Specifically, Time Warner is requesting a set-top that is heavily based on accepted standards, such as MPEG-2 transport. Further, it must have a central processor that performs at least 25 million instructions per second (MIPS), has a minimum tuning range of 750 MHz ("although we'd like to see it hit 860 MHz," says Hayashi), is graphically rich (a minimum of 8-bit color with a wide range of special effects capabilities built into the hardware) and has an upper limit of 4 megabytes of "unified" memory. Oh, and Time Warner wants all that for "substantially less than $400."

With this set-top, Time Warner hopes to capitalize on the trend toward "shared" memory, as opposed to dedicating a fixed amount of expensive DRAM to specific functions. In this scenario, the DRAM that is used for MPEG-2 decompression would also be used for applications and graphics if MPEG-2 decompression is not used or is used in lower resolutions, according to the RFP document.

But "probably the most important aspect of this box is the real-time two-way return," says Hayashi. Pegasus is expected to support several "forward application transport (FAT)" channels that run at 64- or 256-QAM, which transport 27- or 36-Mbps, respectively. In addition, a forward QPSK data channel is called for, as is a shared reverse QPSK channel that supports a minimum of 1.544 Mbps.

Responses to Time Warner's RFP are due by April 25.

While the RFP doesn't ask for a specific encryption and access control method, Time Warner wants to "take advantage of standards," says Hayashi. The MPEG standard allows for multiple types of conditional access. "This is a timing sensitive issue," notes Hayashi.

Time Warner actually hopes to leverage the transport technology it specified in the Pegasus set-top with high-speed data modems it hopes to deploy. "The transport system we have specified . . . has much in common with the kinds of transport that we believe will be viable for high-speed cable modem services," wrote Chiddix in the RFP's cover letter to vendors. "We believe there is an opportunity to capitalize on the investment in Pegasus by using the same device for the delivery of high-speed data services to a PC or a game device."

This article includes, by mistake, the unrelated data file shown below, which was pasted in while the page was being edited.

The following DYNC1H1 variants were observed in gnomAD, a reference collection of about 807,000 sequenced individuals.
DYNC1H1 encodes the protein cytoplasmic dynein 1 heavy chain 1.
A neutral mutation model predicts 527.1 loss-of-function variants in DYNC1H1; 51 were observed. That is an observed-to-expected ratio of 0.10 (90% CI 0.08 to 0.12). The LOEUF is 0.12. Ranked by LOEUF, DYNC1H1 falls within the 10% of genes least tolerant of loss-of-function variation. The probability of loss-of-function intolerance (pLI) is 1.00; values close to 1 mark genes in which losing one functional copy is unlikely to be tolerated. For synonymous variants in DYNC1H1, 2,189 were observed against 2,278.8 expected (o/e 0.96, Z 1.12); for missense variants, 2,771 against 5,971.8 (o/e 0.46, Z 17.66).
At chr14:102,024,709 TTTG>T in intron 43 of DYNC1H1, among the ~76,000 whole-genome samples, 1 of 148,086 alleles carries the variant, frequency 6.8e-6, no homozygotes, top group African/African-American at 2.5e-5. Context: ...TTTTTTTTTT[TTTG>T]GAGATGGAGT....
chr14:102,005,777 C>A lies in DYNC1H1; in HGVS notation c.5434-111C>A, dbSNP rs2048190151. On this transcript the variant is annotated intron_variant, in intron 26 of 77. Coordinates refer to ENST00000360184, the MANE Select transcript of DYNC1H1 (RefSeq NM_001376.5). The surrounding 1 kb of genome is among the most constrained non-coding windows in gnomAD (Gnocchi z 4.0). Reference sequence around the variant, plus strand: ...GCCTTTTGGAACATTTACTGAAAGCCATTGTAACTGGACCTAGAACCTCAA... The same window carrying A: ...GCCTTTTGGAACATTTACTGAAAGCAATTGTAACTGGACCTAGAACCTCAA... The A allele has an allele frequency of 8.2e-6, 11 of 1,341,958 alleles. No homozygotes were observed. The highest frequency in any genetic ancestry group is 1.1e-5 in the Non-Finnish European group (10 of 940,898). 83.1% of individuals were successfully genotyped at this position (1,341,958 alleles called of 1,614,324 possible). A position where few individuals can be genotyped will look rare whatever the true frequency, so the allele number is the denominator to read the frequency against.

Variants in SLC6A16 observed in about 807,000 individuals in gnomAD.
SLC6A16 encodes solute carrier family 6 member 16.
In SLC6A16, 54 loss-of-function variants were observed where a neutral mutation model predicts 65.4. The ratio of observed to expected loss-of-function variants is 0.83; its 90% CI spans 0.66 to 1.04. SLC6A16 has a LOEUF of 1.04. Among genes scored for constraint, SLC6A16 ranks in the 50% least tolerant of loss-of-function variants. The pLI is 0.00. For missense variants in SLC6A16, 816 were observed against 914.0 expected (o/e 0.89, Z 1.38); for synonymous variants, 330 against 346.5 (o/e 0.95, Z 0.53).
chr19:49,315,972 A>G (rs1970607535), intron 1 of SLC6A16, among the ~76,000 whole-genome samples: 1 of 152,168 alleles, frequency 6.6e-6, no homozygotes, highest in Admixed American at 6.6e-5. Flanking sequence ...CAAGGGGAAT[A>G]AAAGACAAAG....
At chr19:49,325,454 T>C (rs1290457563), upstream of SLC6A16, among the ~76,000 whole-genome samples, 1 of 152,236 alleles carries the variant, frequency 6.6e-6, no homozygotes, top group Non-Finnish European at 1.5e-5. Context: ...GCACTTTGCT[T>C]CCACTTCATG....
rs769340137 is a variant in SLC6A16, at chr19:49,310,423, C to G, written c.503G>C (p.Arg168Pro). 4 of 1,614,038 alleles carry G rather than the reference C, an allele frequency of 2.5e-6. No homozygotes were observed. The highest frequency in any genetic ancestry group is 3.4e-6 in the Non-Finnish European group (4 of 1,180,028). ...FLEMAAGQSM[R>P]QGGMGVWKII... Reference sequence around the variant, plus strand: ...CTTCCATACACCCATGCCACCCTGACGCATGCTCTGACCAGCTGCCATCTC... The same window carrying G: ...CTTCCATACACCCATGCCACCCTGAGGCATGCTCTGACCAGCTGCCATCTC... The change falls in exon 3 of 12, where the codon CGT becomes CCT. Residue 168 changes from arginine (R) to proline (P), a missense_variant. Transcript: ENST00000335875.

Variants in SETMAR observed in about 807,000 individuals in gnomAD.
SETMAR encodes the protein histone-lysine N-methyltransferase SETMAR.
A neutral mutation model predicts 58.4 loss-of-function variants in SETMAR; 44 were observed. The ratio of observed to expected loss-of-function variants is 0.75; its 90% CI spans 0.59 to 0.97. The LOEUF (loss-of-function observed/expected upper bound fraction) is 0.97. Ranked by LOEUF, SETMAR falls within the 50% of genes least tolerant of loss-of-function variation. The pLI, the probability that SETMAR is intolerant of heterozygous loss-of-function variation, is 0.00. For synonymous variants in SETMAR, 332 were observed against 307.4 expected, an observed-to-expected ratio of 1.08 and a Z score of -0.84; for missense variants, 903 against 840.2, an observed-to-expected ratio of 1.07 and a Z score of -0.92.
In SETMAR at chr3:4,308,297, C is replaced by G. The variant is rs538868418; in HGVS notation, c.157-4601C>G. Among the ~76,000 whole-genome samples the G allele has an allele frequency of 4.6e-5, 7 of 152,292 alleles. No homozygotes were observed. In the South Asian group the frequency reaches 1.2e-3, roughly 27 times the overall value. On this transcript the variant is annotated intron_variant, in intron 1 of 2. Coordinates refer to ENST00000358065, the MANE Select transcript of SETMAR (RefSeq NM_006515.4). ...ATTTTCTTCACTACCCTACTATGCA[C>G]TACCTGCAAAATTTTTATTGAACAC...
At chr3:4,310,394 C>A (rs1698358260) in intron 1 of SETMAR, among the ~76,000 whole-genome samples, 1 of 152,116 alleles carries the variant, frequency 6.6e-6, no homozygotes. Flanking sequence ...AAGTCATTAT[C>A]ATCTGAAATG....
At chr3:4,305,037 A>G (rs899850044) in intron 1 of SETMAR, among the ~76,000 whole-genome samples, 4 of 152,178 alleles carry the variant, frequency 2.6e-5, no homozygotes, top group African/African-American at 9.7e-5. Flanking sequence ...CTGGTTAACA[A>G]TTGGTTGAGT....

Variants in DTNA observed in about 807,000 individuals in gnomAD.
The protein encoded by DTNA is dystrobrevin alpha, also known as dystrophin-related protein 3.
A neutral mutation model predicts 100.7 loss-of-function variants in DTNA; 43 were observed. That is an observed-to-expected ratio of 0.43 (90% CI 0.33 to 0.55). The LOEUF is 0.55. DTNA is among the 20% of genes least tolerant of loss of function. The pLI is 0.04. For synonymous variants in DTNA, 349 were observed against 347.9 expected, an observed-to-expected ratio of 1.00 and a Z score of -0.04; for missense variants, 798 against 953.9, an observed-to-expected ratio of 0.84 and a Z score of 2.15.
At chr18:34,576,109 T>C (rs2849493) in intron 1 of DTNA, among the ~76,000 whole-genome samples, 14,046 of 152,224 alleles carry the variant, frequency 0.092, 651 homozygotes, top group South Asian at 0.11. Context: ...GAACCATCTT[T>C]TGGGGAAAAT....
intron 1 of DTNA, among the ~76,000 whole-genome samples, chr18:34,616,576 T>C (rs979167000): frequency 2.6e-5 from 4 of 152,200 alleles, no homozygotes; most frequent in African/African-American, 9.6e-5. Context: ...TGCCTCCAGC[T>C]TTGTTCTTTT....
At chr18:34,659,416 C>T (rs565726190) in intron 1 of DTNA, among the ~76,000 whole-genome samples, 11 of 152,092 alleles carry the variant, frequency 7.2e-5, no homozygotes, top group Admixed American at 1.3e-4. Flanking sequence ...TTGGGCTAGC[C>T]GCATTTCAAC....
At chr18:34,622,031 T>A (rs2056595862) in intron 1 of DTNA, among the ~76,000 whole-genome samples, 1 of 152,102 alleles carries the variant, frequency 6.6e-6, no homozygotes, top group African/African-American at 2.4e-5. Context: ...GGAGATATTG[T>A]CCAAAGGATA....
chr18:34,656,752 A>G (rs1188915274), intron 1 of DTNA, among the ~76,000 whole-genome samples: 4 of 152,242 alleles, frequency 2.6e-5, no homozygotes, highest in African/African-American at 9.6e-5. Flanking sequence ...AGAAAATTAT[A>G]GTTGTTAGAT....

To ready itself for the coming digital future, Time Warner has been upgrading its cable networks feverishly to modern HFC design. The company's stated goal was to have its major urban clusters upgraded by the end of 1998. Since that statement was made, however, the company has acquired more subscribers - which could push that timetable out a bit, according to Chiddix. "We've been upgrading at the rate of 10,000 to 20,000 miles per year," he notes. "Last year we were Siecor's largest customer (for fiber optic cable) and I believe we might have been the largest fiber customer in the world."

Telco efforts are strong and deep

Meanwhile, the telco consortium known as Tele-TV also issued an RFP for its "Unity" digital set-top to 21 different manufacturers last month, to which responses were due March 21. This set-top, for which Tele-TV wants to pay about $300 each, is expected to integrate MPEG-2 digital video and audio with a PowerPC-like central processor and will support a RISC architecture to manage the user interface and execute server-based interactive applications like video-on-demand and other information and transaction services.

In addition, the box must have a minimum of 4 megabytes of RAM (over and above the 2 MB needed for full MPEG decompression) for applications, according to Craig Tanner, vice president of advanced technologies for Tele-TV Systems.

Tele-TV is a partnership between Bell Atlantic, Nynex and Pacific Telesis designed to spearhead entry into the video entertainment market.

Other features of the Unity set-top include a hardware accelerated graphics subsystem that will support three-dimensional graphics and the new IEEE-1394 digital interface for interconnection with personal computers and future digital consumer electronics, including camcorders and VCRs, says Tanner.

The Unity box will consist of a core processor that is attached to a "network interface module" which will allow the platform to be attached to any network architecture, including HFC, asymmetric digital subscriber line (ADSL), switched digital video or direct broadcast satellite. Tele-TV got to this point about a year ago, having actually pared the list of potential manufacturers down to eight finalists, when the company switched its focus to developing a digital set-top for MMDS applications.

In fact, at the end of February, Tele-TV and Thomson Consumer Electronics formally signed a $1 billion contract where Thomson will supply up to 3 million set-tops beginning in the fall of 1996 and continuing through 1999. A number of Tele-TV's parent companies have made significant investments in MMDS companies in an attempt to quickly enter the video marketplace. With the advent of digital compression, MMDS systems that have been limited to 33 channels can now offer many times that number.

Specifically, Bell Atlantic and Nynex have invested in CAI Wireless based in Albany, N.Y., and Pacific Telesis acquired Cross Country Wireless, Wireless Holdings and Videotron Bay Area, which holds MMDS licenses across California.